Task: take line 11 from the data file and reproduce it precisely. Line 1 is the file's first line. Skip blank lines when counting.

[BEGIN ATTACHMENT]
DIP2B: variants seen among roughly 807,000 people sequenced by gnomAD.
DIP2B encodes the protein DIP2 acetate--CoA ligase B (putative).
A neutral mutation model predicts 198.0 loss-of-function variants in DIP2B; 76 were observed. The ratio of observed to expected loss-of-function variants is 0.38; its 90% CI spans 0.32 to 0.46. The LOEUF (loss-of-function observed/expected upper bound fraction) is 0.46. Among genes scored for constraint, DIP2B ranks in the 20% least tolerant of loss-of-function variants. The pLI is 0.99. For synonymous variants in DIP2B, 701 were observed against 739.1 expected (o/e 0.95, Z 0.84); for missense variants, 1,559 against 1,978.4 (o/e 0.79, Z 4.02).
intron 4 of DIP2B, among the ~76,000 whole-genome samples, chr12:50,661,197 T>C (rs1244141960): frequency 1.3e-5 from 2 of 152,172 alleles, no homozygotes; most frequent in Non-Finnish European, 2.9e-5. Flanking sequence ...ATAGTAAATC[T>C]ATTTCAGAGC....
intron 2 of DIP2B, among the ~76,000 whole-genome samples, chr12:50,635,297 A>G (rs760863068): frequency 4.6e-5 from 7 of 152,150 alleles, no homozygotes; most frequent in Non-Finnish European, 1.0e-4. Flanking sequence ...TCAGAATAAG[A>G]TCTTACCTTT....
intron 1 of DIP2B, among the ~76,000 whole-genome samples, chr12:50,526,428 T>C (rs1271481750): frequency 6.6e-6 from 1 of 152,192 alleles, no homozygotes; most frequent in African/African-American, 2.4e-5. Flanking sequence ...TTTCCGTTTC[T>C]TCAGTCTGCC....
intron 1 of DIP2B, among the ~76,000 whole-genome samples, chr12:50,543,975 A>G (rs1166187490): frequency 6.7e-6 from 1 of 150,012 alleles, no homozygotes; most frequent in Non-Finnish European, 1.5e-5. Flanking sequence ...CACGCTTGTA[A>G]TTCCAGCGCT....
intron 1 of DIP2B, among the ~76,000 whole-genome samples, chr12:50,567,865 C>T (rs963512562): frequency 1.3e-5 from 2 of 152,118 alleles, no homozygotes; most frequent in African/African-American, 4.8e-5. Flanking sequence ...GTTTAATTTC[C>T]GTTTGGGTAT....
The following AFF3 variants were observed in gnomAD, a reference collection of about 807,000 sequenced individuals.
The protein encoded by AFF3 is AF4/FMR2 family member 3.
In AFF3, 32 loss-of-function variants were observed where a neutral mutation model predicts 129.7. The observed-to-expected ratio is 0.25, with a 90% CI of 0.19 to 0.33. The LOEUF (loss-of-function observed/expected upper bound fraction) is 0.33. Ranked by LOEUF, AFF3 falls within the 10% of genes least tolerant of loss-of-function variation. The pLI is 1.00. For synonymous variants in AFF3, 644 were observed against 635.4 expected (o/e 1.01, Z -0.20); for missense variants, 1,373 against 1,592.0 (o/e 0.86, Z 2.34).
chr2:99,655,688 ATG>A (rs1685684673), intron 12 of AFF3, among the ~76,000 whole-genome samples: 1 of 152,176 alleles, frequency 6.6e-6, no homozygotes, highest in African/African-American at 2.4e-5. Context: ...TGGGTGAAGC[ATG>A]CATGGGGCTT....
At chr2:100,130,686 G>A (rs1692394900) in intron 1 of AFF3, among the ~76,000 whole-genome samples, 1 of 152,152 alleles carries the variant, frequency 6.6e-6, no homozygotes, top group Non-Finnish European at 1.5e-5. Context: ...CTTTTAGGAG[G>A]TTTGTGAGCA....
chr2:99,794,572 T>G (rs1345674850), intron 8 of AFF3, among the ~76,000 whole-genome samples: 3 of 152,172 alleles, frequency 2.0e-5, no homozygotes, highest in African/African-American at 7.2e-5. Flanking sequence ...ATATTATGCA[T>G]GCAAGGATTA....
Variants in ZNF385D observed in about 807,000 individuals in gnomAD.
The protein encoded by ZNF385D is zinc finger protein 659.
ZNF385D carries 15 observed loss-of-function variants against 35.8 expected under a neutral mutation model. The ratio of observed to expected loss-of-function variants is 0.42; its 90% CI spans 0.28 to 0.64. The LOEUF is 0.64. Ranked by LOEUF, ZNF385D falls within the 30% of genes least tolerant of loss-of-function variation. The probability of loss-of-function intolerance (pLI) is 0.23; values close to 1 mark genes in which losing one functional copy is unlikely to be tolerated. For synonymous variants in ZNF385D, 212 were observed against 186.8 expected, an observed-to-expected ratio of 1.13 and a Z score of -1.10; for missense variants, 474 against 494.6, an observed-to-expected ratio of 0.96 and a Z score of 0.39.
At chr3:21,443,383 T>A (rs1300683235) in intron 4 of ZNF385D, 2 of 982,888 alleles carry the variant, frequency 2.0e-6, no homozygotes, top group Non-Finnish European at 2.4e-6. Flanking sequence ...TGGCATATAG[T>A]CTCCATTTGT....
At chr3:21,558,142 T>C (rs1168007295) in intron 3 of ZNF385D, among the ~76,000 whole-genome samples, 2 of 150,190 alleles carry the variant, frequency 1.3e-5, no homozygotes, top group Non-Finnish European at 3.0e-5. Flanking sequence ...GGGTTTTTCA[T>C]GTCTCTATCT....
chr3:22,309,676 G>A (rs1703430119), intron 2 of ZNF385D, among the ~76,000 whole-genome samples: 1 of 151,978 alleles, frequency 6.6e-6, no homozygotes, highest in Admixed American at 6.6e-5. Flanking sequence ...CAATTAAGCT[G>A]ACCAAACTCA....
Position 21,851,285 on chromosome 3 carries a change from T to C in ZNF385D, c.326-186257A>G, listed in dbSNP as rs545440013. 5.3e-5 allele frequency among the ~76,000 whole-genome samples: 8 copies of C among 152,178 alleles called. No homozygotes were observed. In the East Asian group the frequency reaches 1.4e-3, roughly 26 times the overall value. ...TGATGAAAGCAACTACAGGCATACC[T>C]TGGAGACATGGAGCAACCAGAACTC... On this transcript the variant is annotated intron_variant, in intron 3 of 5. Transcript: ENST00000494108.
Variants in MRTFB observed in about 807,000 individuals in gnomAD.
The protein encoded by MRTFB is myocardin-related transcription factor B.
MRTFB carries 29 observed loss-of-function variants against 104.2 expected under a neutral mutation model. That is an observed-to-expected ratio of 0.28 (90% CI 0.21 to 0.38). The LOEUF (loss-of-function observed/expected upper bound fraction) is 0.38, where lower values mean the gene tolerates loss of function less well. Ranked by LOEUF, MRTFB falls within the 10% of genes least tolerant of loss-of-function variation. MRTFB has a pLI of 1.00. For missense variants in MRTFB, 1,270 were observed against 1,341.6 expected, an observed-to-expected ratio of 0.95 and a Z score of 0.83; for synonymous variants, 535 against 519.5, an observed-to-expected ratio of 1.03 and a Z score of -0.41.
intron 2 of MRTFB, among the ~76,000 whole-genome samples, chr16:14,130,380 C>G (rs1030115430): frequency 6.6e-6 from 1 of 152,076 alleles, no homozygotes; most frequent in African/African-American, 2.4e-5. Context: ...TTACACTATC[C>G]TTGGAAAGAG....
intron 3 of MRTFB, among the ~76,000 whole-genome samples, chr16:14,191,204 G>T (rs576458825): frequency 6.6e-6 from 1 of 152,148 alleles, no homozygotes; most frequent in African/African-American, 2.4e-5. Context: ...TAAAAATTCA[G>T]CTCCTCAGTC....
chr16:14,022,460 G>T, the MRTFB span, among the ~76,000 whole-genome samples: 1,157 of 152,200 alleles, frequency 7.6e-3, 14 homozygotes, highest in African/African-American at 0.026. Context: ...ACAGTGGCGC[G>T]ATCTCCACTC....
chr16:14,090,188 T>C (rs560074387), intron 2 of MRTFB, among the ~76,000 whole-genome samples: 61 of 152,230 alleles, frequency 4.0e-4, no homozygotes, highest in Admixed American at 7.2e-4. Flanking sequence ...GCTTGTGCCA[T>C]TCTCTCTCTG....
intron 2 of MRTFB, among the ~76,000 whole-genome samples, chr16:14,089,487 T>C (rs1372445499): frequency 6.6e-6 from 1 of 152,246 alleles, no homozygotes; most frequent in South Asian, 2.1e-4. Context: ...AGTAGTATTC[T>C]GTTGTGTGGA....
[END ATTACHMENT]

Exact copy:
In AFF3, 32 loss-of-function variants were observed where a neutral mutation model predicts 129.7. The observed-to-expected ratio is 0.25, with a 90% CI of 0.19 to 0.33. The LOEUF (loss-of-function observed/expected upper bound fraction) is 0.33. Ranked by LOEUF, AFF3 falls within the 10% of genes least tolerant of loss-of-function variation. The pLI is 1.00. For synonymous variants in AFF3, 644 were observed against 635.4 expected (o/e 1.01, Z -0.20); for missense variants, 1,373 against 1,592.0 (o/e 0.86, Z 2.34).